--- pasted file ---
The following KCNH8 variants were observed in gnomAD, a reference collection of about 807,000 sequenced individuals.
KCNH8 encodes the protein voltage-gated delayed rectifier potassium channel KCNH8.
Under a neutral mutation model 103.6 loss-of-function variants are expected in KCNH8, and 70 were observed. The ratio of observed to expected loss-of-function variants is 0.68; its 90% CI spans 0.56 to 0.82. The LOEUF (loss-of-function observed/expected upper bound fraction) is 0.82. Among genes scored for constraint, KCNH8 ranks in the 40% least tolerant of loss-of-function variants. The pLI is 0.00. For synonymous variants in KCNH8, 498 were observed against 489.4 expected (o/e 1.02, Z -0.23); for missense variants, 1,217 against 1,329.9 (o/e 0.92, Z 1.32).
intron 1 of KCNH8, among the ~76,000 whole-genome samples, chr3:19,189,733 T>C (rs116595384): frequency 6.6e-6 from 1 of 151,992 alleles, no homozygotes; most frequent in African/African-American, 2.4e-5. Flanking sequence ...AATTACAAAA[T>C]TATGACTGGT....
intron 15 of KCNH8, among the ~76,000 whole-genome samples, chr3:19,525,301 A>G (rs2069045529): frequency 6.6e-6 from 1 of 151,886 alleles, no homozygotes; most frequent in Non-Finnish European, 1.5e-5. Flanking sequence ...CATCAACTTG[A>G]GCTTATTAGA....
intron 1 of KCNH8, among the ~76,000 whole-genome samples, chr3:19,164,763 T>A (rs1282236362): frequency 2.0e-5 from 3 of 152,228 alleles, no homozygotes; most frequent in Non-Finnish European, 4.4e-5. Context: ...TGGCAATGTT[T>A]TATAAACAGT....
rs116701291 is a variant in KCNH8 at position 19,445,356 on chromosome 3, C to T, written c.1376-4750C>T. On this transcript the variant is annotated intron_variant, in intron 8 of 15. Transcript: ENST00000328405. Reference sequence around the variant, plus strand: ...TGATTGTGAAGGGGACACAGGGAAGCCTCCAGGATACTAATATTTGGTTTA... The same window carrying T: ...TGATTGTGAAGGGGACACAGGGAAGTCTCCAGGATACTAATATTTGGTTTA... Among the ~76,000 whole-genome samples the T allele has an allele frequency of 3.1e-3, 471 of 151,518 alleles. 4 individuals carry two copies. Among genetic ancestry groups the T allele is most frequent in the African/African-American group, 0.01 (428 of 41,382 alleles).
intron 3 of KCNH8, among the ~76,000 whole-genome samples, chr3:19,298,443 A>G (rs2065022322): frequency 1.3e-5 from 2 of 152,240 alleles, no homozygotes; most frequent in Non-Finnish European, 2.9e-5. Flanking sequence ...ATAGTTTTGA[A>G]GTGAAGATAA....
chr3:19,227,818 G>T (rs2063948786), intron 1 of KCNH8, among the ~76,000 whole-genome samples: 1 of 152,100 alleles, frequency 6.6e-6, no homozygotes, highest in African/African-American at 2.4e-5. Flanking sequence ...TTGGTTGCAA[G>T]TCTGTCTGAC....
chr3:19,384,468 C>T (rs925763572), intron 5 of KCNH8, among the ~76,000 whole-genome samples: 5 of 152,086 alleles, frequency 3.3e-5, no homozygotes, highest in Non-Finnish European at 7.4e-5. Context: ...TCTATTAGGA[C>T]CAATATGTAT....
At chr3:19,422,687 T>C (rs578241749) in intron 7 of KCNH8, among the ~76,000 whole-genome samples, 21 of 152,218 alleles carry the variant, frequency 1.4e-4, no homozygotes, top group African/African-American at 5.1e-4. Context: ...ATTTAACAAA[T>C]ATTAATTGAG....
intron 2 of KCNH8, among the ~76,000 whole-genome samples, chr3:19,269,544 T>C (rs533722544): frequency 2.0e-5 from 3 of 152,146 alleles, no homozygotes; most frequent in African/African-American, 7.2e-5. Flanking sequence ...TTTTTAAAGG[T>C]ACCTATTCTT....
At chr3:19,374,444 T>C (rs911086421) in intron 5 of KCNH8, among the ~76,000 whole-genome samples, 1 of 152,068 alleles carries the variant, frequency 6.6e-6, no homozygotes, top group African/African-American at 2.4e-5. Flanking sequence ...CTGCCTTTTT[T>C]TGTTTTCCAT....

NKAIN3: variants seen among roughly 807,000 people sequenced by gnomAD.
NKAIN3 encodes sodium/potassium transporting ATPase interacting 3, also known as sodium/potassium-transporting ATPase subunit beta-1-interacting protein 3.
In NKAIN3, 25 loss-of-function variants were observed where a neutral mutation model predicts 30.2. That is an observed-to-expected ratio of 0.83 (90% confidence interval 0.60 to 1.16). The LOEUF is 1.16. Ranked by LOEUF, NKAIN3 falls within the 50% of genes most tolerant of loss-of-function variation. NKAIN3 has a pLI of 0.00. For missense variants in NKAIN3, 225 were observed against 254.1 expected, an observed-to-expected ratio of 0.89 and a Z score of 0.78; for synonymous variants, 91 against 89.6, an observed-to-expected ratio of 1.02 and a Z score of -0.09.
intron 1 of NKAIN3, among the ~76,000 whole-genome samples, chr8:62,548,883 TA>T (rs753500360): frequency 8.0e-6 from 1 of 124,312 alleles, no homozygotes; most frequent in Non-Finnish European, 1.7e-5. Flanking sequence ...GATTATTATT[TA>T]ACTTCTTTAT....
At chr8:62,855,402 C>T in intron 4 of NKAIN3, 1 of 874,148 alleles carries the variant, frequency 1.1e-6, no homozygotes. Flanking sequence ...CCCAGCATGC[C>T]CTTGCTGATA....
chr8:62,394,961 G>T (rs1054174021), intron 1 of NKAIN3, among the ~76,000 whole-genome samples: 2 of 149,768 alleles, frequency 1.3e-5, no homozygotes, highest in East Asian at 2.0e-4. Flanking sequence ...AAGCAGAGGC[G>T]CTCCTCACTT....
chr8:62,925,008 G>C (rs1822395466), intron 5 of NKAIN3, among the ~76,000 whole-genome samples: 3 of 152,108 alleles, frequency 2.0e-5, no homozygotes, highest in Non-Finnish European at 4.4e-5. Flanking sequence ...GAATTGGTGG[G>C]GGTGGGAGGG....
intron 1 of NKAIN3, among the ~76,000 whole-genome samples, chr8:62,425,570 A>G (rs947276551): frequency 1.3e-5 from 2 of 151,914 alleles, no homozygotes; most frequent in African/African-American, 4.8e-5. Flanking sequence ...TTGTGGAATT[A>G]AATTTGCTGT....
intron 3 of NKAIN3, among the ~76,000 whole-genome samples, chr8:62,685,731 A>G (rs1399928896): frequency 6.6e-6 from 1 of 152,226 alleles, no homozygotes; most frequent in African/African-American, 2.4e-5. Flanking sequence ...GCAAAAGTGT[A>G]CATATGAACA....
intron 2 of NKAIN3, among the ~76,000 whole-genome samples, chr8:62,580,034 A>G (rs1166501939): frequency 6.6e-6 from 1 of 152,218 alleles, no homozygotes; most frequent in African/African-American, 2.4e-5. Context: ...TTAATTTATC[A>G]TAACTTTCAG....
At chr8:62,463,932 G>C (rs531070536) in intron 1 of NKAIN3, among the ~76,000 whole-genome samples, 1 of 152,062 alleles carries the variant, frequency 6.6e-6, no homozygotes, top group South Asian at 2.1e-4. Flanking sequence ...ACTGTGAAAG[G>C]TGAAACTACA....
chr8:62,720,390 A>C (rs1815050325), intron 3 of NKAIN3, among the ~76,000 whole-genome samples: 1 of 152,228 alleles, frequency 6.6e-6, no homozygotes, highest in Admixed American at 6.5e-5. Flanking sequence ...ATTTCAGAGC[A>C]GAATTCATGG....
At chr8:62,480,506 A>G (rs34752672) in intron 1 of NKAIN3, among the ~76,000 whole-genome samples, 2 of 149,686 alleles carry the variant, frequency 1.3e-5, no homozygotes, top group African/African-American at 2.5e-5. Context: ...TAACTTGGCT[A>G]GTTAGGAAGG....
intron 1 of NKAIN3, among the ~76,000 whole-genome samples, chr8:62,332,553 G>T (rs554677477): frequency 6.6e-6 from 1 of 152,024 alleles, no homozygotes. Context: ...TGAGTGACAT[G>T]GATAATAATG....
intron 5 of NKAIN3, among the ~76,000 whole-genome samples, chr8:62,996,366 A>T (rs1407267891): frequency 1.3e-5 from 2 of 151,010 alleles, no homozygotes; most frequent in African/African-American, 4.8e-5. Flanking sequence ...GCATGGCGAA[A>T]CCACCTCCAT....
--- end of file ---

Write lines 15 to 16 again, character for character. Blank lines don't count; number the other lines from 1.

NKAIN3 encodes sodium/potassium transporting ATPase interacting 3, also known as sodium/potassium-transporting ATPase subunit beta-1-interacting protein 3.
In NKAIN3, 25 loss-of-function variants were observed where a neutral mutation model predicts 30.2. That is an observed-to-expected ratio of 0.83 (90% confidence interval 0.60 to 1.16). The LOEUF is 1.16. Ranked by LOEUF, NKAIN3 falls within the 50% of genes most tolerant of loss-of-function variation. NKAIN3 has a pLI of 0.00. For missense variants in NKAIN3, 225 were observed against 254.1 expected, an observed-to-expected ratio of 0.89 and a Z score of 0.78; for synonymous variants, 91 against 89.6, an observed-to-expected ratio of 1.02 and a Z score of -0.09.